Just Logic/SQL is perfect for low-budget shops who need a relational database solution. Students and professionals will appreciate it for its simplicity and robustness. The SQL, web, C, C++ and pre-compiler interfaces offer enough choices that anyone can immediately begin using the product to store and manage data resources. I heartily recommend it for anyone with some programming experience. The many examples of coding provided on the Just Logic/SQL web site is a fine starting point.
The bottom line in choosing between these two Linux database packages is one of cost versus time and user programming capability. Both packages offer programmers the flexibility to do just about anything they wish with their respective systems. Both provide data control, manipulation and administration. Both are performance-oriented and presented no problems as delivered. Both worked well in networked environments; however, I was unable to test either of them in a busy multiuser setting. The only thing I would want from either package is conformance to the SQL-92 standard, although both currently claim SQL-89 conformance. Both vendors have substantial quantities of information available on their web sites. I found both of these packages surprisingly supple and responsive, easy to install, configure and run on Linux with basic Unix skills. I think you will, too.
Rob is a systems engineer and longtime resident of Honolulu, Hawaii. He enjoys playing golf and chess. He can be reached at email@example.com.
Practical Task Scheduling Deployment
July 20, 2016 12:00 pm CDT
One of the best things about the UNIX environment (aside from being stable and efficient) is the vast array of software tools available to help you do your job. Traditionally, a UNIX tool does only one thing, but does that one thing very well. For example, grep is very easy to use and can search vast amounts of data quickly. The find tool can find a particular file or files based on all kinds of criteria. It's pretty easy to string these tools together to build even more powerful tools, such as a tool that finds all of the .log files in the /home directory and searches each one for a particular entry. This erector-set mentality allows UNIX system administrators to seem to always have the right tool for the job.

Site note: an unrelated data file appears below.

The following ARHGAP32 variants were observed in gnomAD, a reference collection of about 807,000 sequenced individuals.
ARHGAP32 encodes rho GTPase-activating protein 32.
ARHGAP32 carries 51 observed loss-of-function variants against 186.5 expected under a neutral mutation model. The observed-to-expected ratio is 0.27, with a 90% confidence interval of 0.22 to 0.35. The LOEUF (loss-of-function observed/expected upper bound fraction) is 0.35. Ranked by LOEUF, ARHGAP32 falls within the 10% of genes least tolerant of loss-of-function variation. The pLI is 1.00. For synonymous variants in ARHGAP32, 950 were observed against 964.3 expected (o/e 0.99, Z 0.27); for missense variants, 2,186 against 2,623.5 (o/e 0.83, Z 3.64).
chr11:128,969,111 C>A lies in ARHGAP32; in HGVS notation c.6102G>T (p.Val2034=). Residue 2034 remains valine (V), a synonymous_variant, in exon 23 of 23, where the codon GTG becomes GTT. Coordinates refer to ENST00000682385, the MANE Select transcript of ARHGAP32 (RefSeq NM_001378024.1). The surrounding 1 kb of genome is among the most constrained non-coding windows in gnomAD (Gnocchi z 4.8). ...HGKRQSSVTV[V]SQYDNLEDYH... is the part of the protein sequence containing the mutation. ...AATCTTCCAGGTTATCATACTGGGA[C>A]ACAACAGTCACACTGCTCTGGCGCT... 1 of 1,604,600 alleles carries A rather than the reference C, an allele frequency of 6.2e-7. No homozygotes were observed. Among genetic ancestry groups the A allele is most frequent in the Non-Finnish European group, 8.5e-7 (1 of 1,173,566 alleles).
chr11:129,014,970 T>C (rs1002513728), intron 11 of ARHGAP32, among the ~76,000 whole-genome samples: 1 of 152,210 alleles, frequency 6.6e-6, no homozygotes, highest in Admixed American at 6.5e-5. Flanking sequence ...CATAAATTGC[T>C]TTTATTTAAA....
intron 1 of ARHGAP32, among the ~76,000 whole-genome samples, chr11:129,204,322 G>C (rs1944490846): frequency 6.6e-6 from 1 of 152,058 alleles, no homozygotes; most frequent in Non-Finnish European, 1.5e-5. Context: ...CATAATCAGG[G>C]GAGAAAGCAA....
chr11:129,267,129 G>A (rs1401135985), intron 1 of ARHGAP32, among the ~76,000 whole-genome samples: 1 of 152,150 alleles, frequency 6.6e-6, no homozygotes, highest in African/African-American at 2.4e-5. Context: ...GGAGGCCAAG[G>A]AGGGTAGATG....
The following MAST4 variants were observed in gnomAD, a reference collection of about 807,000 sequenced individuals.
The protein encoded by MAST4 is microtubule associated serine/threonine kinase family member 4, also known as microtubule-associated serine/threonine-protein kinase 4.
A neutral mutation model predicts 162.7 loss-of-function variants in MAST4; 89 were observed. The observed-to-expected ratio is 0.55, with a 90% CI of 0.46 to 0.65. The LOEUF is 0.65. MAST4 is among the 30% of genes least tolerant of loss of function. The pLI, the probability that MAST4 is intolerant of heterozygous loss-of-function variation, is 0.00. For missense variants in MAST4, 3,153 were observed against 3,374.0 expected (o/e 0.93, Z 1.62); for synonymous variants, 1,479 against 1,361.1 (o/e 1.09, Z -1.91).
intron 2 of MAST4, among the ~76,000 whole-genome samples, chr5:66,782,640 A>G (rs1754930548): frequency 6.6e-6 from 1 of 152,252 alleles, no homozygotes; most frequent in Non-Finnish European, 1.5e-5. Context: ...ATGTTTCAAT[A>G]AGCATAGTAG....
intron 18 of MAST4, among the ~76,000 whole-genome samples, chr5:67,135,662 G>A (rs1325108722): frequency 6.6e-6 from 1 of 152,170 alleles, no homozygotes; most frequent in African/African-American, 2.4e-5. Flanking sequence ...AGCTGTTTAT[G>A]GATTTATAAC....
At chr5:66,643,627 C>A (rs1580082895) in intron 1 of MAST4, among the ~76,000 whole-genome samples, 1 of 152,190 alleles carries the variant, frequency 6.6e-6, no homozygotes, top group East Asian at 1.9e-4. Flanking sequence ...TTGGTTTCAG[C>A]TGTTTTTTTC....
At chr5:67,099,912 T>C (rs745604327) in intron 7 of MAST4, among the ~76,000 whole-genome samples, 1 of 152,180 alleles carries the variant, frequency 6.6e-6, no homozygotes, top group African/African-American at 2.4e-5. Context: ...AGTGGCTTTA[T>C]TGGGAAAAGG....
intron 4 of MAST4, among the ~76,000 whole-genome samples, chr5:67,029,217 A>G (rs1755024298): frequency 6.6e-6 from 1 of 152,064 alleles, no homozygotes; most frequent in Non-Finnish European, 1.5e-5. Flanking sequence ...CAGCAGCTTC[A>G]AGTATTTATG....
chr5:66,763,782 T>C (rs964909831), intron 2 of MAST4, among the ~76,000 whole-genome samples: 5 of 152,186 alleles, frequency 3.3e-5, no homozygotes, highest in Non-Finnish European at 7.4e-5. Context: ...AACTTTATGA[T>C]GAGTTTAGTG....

Cron traditionally has been considered another such a tool for job scheduling, but is it enough? This webinar considers that very question. The first part builds on a previous Geek Guide, Beyond Cron, and briefly describes how to know when it might be time to consider upgrading your job scheduling infrastructure. The second part presents an actual planning and implementation framework.
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With all the industry talk about the benefits of Linux on Power and all the performance advantages offered by its open architecture, you may be considering a move in that direction. If you are thinking about analytics, big data and cloud computing, you would be right to evaluate Power. The idea of using commodity x86 hardware and replacing it every three years is an outdated cost model. It doesn’t consider the total cost of ownership, and it doesn’t consider the advantage of real processing power, high-availability and multithreading like a demon.